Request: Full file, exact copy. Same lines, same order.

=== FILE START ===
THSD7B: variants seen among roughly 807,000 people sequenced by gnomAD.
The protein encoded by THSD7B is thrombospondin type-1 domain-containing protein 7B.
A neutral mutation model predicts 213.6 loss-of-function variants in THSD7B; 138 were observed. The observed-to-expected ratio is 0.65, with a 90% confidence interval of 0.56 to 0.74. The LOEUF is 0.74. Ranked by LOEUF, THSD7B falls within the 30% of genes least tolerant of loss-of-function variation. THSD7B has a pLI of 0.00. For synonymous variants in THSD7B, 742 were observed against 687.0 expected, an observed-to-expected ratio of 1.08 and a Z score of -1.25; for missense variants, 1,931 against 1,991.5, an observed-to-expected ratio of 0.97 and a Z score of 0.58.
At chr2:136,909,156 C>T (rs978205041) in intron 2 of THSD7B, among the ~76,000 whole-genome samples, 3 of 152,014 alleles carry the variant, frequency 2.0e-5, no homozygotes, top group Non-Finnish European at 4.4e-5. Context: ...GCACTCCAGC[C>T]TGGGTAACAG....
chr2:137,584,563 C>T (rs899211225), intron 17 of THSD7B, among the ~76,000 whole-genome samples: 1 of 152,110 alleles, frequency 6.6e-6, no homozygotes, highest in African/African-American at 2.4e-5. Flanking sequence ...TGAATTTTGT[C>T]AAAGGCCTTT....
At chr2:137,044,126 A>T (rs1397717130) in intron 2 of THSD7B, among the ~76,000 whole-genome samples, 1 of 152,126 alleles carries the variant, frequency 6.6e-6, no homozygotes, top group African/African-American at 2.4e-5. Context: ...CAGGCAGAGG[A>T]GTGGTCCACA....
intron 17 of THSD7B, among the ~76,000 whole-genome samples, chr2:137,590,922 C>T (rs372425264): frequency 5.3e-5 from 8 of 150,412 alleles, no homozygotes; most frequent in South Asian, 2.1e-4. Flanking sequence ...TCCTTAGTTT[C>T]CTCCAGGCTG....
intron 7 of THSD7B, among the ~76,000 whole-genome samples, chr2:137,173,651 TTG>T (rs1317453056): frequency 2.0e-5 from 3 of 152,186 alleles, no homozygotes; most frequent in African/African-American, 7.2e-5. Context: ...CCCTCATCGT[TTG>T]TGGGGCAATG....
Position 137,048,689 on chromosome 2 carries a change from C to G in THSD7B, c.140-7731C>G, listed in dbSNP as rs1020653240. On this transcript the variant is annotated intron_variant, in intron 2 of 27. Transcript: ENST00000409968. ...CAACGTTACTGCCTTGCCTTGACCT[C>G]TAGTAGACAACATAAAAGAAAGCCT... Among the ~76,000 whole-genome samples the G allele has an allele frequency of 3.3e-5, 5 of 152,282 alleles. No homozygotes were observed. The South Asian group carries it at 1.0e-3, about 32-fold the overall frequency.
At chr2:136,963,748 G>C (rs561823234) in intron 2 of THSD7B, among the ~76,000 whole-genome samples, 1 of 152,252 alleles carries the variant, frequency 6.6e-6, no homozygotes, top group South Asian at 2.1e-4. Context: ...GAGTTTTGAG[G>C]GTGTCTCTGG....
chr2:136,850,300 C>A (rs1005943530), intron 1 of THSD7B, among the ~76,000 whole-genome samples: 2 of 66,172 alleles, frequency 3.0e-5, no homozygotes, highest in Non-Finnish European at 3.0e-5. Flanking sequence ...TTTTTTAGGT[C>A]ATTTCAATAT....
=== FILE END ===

THSD7B: variants seen among roughly 807,000 people sequenced by gnomAD.
The protein encoded by THSD7B is thrombospondin type-1 domain-containing protein 7B.
A neutral mutation model predicts 213.6 loss-of-function variants in THSD7B; 138 were observed. The observed-to-expected ratio is 0.65, with a 90% confidence interval of 0.56 to 0.74. The LOEUF is 0.74. Ranked by LOEUF, THSD7B falls within the 30% of genes least tolerant of loss-of-function variation. THSD7B has a pLI of 0.00. For synonymous variants in THSD7B, 742 were observed against 687.0 expected, an observed-to-expected ratio of 1.08 and a Z score of -1.25; for missense variants, 1,931 against 1,991.5, an observed-to-expected ratio of 0.97 and a Z score of 0.58.
At chr2:136,909,156 C>T (rs978205041) in intron 2 of THSD7B, among the ~76,000 whole-genome samples, 3 of 152,014 alleles carry the variant, frequency 2.0e-5, no homozygotes, top group Non-Finnish European at 4.4e-5. Context: ...GCACTCCAGC[C>T]TGGGTAACAG....
chr2:137,584,563 C>T (rs899211225), intron 17 of THSD7B, among the ~76,000 whole-genome samples: 1 of 152,110 alleles, frequency 6.6e-6, no homozygotes, highest in African/African-American at 2.4e-5. Flanking sequence ...TGAATTTTGT[C>T]AAAGGCCTTT....
At chr2:137,044,126 A>T (rs1397717130) in intron 2 of THSD7B, among the ~76,000 whole-genome samples, 1 of 152,126 alleles carries the variant, frequency 6.6e-6, no homozygotes, top group African/African-American at 2.4e-5. Context: ...CAGGCAGAGG[A>T]GTGGTCCACA....
intron 17 of THSD7B, among the ~76,000 whole-genome samples, chr2:137,590,922 C>T (rs372425264): frequency 5.3e-5 from 8 of 150,412 alleles, no homozygotes; most frequent in South Asian, 2.1e-4. Flanking sequence ...TCCTTAGTTT[C>T]CTCCAGGCTG....
intron 7 of THSD7B, among the ~76,000 whole-genome samples, chr2:137,173,651 TTG>T (rs1317453056): frequency 2.0e-5 from 3 of 152,186 alleles, no homozygotes; most frequent in African/African-American, 7.2e-5. Context: ...CCCTCATCGT[TTG>T]TGGGGCAATG....
Position 137,048,689 on chromosome 2 carries a change from C to G in THSD7B, c.140-7731C>G, listed in dbSNP as rs1020653240. On this transcript the variant is annotated intron_variant, in intron 2 of 27. Transcript: ENST00000409968. ...CAACGTTACTGCCTTGCCTTGACCT[C>G]TAGTAGACAACATAAAAGAAAGCCT... Among the ~76,000 whole-genome samples the G allele has an allele frequency of 3.3e-5, 5 of 152,282 alleles. No homozygotes were observed. The South Asian group carries it at 1.0e-3, about 32-fold the overall frequency.
At chr2:136,963,748 G>C (rs561823234) in intron 2 of THSD7B, among the ~76,000 whole-genome samples, 1 of 152,252 alleles carries the variant, frequency 6.6e-6, no homozygotes, top group South Asian at 2.1e-4. Context: ...GAGTTTTGAG[G>C]GTGTCTCTGG....
chr2:136,850,300 C>A (rs1005943530), intron 1 of THSD7B, among the ~76,000 whole-genome samples: 2 of 66,172 alleles, frequency 3.0e-5, no homozygotes, highest in Non-Finnish European at 3.0e-5. Flanking sequence ...TTTTTTAGGT[C>A]ATTTCAATAT....